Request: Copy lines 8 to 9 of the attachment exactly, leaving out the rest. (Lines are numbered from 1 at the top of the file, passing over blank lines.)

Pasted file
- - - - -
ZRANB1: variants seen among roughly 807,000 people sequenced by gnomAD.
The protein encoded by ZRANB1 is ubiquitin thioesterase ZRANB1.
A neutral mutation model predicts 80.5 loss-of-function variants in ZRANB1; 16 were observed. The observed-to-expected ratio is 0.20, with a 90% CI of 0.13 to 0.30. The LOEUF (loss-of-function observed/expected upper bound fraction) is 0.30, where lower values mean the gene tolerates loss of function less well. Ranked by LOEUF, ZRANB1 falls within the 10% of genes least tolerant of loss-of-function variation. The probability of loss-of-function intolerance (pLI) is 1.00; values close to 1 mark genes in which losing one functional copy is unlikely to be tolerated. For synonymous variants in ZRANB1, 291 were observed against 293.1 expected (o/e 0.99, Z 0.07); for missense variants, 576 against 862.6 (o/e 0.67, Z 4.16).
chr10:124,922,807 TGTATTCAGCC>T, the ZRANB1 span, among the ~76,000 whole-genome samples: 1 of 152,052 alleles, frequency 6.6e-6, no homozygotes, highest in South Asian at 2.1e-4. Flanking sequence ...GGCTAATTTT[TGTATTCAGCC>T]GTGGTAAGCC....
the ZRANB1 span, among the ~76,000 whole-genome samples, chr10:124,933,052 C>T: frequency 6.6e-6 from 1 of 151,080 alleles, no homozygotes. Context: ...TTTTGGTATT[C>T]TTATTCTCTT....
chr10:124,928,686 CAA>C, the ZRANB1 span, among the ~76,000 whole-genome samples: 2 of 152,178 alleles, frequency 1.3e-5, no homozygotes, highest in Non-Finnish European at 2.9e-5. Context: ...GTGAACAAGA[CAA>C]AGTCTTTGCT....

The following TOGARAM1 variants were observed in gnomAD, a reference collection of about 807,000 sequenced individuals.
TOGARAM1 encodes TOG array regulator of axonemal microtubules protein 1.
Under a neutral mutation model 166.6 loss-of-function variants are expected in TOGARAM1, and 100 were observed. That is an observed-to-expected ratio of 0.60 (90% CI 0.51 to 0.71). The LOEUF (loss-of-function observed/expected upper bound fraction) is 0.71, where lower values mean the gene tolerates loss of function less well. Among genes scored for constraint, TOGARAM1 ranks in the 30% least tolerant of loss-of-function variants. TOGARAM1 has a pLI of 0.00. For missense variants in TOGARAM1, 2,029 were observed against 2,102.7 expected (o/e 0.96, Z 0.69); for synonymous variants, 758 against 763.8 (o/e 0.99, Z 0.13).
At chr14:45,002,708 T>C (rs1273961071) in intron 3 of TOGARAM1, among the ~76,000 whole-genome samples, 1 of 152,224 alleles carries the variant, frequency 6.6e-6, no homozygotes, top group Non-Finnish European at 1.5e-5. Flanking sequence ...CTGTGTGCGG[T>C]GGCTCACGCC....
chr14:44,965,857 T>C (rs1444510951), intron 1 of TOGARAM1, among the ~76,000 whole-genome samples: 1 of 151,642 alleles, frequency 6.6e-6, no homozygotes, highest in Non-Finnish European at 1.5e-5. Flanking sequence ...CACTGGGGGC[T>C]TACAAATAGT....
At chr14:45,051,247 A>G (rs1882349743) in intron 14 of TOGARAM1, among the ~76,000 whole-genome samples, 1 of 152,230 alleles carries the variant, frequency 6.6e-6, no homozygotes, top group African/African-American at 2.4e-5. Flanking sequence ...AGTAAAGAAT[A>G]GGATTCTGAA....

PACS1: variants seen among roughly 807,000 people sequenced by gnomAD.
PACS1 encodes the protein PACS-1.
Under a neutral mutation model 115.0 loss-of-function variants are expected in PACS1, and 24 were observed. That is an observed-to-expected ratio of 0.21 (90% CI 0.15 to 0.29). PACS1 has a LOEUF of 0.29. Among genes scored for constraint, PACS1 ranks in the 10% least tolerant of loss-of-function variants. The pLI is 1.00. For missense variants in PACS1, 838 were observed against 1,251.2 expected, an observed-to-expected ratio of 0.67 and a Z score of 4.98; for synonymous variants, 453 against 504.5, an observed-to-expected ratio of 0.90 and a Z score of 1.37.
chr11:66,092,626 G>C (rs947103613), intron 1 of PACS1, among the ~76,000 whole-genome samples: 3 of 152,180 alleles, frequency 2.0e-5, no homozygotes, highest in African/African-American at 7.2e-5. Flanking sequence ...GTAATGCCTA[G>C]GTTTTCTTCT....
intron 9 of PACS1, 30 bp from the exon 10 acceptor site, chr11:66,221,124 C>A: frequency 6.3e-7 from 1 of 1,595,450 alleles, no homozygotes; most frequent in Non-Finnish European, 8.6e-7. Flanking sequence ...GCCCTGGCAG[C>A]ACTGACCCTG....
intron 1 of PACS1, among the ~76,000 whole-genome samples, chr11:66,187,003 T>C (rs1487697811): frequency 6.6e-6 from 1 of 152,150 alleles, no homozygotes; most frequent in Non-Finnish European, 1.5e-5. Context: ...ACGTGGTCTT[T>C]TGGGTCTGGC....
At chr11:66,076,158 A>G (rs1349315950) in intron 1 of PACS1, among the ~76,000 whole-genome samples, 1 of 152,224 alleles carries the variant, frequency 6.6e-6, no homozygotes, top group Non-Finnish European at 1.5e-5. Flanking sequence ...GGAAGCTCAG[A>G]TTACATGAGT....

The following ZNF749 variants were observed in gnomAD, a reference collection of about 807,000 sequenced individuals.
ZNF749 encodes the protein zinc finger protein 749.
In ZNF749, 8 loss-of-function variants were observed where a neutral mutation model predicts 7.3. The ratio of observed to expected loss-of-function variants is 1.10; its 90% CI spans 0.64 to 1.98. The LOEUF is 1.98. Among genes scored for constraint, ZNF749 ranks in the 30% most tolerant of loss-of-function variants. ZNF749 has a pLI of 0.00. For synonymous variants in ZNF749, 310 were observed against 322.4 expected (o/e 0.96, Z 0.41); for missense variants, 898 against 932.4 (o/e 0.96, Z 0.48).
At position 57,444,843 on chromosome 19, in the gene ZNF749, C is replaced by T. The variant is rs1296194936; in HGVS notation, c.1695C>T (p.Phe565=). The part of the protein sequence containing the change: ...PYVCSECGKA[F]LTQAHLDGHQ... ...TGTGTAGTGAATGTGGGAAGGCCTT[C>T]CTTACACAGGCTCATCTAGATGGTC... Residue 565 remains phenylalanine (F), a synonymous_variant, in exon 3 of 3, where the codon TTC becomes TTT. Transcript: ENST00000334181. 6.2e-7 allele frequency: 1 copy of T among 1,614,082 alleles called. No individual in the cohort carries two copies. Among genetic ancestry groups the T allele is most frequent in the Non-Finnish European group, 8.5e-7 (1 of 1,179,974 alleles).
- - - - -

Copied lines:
TOGARAM1 encodes TOG array regulator of axonemal microtubules protein 1.
Under a neutral mutation model 166.6 loss-of-function variants are expected in TOGARAM1, and 100 were observed. That is an observed-to-expected ratio of 0.60 (90% CI 0.51 to 0.71). The LOEUF (loss-of-function observed/expected upper bound fraction) is 0.71, where lower values mean the gene tolerates loss of function less well. Among genes scored for constraint, TOGARAM1 ranks in the 30% least tolerant of loss-of-function variants. TOGARAM1 has a pLI of 0.00. For missense variants in TOGARAM1, 2,029 were observed against 2,102.7 expected (o/e 0.96, Z 0.69); for synonymous variants, 758 against 763.8 (o/e 0.99, Z 0.13).